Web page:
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Diagnostics Omics, Forensics, Analytical science

Clues from a Watery Grave

Noemi in her lab. Credit: Noemi Procopio, Northumbria University.

An estimated 320,000 deaths are caused by drowning each year (1), and determining the length of time a body has been underwater – the post-mortem submerged interval (PMSI) – can provide vital evidence in a forensic investigation. Unfortunately, current methods for estimating the PMSI – such as examining the decomposition stage of a corpse – require an almost-complete cadaver and are drastically influenced by the aquatic environment in which the body is found.

Though bone proteins have previously been studied for their use in estimating the post-mortem interval in terrestrial environments, Noemi Procopio and her colleagues at Northumbria University are the first to apply these forensic proteomic principles to bodies submerged in water.

The mouse bones used in the experiment. Credit: Noemi Procopio, Northumbria University.

The researchers used mouse tibias to examine whether four different types of water – tap water, saltwater, pond water or chlorinated water – affected the proteome of mouse bones. After a PMSI of one or three weeks, the team collected the tibias and extracted proteins from the bone mineral matrix. These proteins were then enzymatically fragmented into peptides and separated using high-performance liquid chromatography. Mass spectrometric analysis revealed the identity of the proteins, as well as their relative abundance in the sample.

“We found that different aquatic environments do not affect the proteomic result, meaning forensic proteomics has the potential to be applied to the unexplored field of aquatic decomposition with relative ease,” says Procopio. Importantly, the team also identified novel biomarker candidates that could be used for estimating PMSI and the type of water environment a body was submerged in. For example, a protein called fetuin-A was more likely to undergo deamidation in pond water, which could help investigators determine whether a body was once submerged in pond water and later moved.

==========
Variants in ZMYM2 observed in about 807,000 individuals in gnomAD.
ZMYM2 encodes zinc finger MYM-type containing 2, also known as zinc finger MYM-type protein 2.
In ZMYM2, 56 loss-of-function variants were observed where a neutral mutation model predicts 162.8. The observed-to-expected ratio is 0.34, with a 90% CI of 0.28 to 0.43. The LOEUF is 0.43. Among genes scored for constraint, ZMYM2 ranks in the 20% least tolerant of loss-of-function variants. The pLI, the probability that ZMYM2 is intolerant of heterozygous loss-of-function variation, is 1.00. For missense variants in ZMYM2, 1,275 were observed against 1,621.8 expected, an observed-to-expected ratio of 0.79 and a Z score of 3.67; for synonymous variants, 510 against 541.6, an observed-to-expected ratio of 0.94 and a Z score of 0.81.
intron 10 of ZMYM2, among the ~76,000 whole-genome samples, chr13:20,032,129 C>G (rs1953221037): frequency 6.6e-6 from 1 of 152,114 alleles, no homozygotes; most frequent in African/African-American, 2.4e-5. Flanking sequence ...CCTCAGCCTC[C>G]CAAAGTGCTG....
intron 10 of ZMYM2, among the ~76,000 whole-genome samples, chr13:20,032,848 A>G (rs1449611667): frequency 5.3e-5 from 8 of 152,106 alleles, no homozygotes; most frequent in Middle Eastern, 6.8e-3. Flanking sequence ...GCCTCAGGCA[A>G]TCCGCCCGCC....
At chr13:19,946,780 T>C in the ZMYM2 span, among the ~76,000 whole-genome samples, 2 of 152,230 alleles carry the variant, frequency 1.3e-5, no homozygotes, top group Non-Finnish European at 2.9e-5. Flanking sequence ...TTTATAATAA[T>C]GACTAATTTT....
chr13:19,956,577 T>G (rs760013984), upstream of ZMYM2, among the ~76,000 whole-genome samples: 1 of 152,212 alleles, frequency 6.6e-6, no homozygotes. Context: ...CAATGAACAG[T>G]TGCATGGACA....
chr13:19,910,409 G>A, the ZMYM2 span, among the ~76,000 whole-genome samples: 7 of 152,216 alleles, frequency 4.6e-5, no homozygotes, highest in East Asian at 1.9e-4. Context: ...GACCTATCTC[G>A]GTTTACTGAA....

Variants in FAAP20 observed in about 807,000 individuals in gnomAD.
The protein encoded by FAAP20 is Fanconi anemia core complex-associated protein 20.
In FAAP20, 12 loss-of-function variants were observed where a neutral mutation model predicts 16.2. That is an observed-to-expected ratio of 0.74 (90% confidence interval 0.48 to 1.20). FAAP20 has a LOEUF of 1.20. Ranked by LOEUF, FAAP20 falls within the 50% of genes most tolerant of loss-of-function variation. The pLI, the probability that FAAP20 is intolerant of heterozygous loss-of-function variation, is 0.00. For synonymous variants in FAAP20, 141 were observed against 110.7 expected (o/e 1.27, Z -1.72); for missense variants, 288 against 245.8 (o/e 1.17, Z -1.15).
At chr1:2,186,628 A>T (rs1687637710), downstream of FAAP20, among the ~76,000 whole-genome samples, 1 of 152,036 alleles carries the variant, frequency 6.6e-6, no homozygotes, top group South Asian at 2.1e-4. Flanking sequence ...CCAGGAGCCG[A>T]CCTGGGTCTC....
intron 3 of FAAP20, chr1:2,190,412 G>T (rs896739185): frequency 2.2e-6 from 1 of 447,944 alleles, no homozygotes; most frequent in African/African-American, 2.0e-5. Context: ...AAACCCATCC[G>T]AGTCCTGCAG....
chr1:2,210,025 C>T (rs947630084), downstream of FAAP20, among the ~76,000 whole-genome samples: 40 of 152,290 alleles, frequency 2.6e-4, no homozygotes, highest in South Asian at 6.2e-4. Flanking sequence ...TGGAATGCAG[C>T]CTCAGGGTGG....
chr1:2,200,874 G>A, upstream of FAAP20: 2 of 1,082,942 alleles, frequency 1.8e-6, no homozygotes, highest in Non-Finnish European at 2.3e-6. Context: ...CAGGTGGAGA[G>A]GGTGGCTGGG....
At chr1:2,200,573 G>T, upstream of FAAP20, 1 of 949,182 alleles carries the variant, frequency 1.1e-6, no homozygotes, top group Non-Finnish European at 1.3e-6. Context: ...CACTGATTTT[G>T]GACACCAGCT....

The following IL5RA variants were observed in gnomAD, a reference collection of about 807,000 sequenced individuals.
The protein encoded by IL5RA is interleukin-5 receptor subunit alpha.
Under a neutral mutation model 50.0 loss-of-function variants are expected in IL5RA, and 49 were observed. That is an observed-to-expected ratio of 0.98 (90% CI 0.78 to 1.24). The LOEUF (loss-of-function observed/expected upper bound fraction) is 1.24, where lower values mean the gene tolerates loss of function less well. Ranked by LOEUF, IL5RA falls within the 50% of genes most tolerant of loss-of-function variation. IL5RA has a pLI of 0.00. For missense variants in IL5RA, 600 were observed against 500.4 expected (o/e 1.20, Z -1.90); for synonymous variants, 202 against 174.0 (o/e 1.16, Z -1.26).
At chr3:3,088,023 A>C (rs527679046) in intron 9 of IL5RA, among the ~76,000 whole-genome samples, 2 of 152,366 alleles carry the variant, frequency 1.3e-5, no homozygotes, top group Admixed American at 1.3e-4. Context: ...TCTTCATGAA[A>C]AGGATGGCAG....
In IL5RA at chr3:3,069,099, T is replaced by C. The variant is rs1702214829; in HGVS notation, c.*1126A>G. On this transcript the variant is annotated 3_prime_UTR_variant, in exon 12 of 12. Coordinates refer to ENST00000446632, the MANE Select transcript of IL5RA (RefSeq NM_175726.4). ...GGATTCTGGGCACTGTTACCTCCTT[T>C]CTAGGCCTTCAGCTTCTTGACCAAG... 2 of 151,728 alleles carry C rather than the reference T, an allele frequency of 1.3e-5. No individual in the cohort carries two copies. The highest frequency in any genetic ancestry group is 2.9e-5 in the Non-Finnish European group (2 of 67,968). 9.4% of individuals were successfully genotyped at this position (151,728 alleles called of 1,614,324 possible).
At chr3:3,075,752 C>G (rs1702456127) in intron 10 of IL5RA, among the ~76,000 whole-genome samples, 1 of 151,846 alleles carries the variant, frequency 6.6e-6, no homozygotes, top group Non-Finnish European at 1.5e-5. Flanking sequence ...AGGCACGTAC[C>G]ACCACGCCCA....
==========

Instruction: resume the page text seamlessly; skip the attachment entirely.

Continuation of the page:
Further validation using human remains is needed before these findings can be applied to real forensic cases, but the team is hopeful about future applications. “I would like to explore the effects that temperature has on the proteome of submerged cadavers and look at other intrinsic variables, such as age and body size,” says Procopio. “The more variables we can exclude as having an effect, the more applicable these results will be to real forensic scenarios.”

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  1. WHO (2020). Available at: https://bit.ly/2Wm2vRB.
  2. H Mizukami et al., J Proteome Res, 19, 2122 (2020). PMID: 32242669.

About the Author

Lauren Robertson

By the time I finished my degree in Microbiology I had come to one conclusion – I did not want to work in a lab. Instead, I decided to move to the south of Spain to teach English. After two brilliant years, I realized that I missed science, and what I really enjoyed was communicating scientific ideas – whether that be to four-year-olds or mature professionals. On returning to England I landed a role in science writing and found it combined my passions perfectly. Now at Texere, I get to hone these skills every day by writing about the latest research in an exciting, creative way.

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